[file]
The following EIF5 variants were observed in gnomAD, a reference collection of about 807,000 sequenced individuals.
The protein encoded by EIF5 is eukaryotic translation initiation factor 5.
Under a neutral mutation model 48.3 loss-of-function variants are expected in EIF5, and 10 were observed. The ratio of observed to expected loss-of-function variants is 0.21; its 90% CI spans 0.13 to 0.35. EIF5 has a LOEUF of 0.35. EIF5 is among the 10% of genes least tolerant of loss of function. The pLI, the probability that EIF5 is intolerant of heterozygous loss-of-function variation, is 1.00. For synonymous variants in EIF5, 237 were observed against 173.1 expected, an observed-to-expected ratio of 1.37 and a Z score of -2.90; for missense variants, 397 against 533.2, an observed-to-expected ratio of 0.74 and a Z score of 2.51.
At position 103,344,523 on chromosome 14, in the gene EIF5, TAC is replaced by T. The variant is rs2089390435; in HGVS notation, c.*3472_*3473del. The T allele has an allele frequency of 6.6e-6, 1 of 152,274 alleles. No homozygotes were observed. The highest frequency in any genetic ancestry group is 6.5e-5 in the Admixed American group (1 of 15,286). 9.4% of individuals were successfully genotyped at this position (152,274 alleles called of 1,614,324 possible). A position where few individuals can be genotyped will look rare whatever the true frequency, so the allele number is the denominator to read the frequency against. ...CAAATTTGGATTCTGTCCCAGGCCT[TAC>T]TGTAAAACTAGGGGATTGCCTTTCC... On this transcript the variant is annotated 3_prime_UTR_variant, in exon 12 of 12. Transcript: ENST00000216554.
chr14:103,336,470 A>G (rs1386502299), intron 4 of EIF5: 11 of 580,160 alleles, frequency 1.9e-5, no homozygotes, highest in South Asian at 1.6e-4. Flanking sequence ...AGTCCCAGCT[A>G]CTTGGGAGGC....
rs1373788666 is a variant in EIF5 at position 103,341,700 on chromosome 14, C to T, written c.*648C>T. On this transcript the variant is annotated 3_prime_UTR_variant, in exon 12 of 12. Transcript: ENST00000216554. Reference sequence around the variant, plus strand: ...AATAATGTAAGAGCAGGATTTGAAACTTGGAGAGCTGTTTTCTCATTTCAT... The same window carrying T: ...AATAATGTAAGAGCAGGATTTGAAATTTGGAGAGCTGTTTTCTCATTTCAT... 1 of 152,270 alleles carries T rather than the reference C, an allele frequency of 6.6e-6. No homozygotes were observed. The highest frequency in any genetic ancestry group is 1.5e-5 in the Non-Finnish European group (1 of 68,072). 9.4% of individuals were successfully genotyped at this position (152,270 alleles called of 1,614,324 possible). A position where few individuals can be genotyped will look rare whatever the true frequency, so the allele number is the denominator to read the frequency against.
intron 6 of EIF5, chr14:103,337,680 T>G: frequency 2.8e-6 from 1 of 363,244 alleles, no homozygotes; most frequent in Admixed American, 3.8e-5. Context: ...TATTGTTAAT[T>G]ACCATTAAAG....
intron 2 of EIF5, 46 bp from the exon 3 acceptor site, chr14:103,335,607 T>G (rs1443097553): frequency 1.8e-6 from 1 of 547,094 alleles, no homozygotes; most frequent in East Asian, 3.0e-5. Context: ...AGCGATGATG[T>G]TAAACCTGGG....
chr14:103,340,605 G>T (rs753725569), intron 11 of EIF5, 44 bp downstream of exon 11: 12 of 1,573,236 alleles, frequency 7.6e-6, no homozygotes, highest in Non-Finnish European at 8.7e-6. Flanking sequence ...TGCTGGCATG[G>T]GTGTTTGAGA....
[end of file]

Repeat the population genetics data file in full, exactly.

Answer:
The following EIF5 variants were observed in gnomAD, a reference collection of about 807,000 sequenced individuals.
The protein encoded by EIF5 is eukaryotic translation initiation factor 5.
Under a neutral mutation model 48.3 loss-of-function variants are expected in EIF5, and 10 were observed. The ratio of observed to expected loss-of-function variants is 0.21; its 90% CI spans 0.13 to 0.35. EIF5 has a LOEUF of 0.35. EIF5 is among the 10% of genes least tolerant of loss of function. The pLI, the probability that EIF5 is intolerant of heterozygous loss-of-function variation, is 1.00. For synonymous variants in EIF5, 237 were observed against 173.1 expected, an observed-to-expected ratio of 1.37 and a Z score of -2.90; for missense variants, 397 against 533.2, an observed-to-expected ratio of 0.74 and a Z score of 2.51.
At position 103,344,523 on chromosome 14, in the gene EIF5, TAC is replaced by T. The variant is rs2089390435; in HGVS notation, c.*3472_*3473del. The T allele has an allele frequency of 6.6e-6, 1 of 152,274 alleles. No homozygotes were observed. The highest frequency in any genetic ancestry group is 6.5e-5 in the Admixed American group (1 of 15,286). 9.4% of individuals were successfully genotyped at this position (152,274 alleles called of 1,614,324 possible). A position where few individuals can be genotyped will look rare whatever the true frequency, so the allele number is the denominator to read the frequency against. ...CAAATTTGGATTCTGTCCCAGGCCT[TAC>T]TGTAAAACTAGGGGATTGCCTTTCC... On this transcript the variant is annotated 3_prime_UTR_variant, in exon 12 of 12. Transcript: ENST00000216554.
chr14:103,336,470 A>G (rs1386502299), intron 4 of EIF5: 11 of 580,160 alleles, frequency 1.9e-5, no homozygotes, highest in South Asian at 1.6e-4. Flanking sequence ...AGTCCCAGCT[A>G]CTTGGGAGGC....
rs1373788666 is a variant in EIF5 at position 103,341,700 on chromosome 14, C to T, written c.*648C>T. On this transcript the variant is annotated 3_prime_UTR_variant, in exon 12 of 12. Transcript: ENST00000216554. Reference sequence around the variant, plus strand: ...AATAATGTAAGAGCAGGATTTGAAACTTGGAGAGCTGTTTTCTCATTTCAT... The same window carrying T: ...AATAATGTAAGAGCAGGATTTGAAATTTGGAGAGCTGTTTTCTCATTTCAT... 1 of 152,270 alleles carries T rather than the reference C, an allele frequency of 6.6e-6. No homozygotes were observed. The highest frequency in any genetic ancestry group is 1.5e-5 in the Non-Finnish European group (1 of 68,072). 9.4% of individuals were successfully genotyped at this position (152,270 alleles called of 1,614,324 possible). A position where few individuals can be genotyped will look rare whatever the true frequency, so the allele number is the denominator to read the frequency against.
intron 6 of EIF5, chr14:103,337,680 T>G: frequency 2.8e-6 from 1 of 363,244 alleles, no homozygotes; most frequent in Admixed American, 3.8e-5. Context: ...TATTGTTAAT[T>G]ACCATTAAAG....
intron 2 of EIF5, 46 bp from the exon 3 acceptor site, chr14:103,335,607 T>G (rs1443097553): frequency 1.8e-6 from 1 of 547,094 alleles, no homozygotes; most frequent in East Asian, 3.0e-5. Context: ...AGCGATGATG[T>G]TAAACCTGGG....
chr14:103,340,605 G>T (rs753725569), intron 11 of EIF5, 44 bp downstream of exon 11: 12 of 1,573,236 alleles, frequency 7.6e-6, no homozygotes, highest in Non-Finnish European at 8.7e-6. Flanking sequence ...TGCTGGCATG[G>T]GTGTTTGAGA....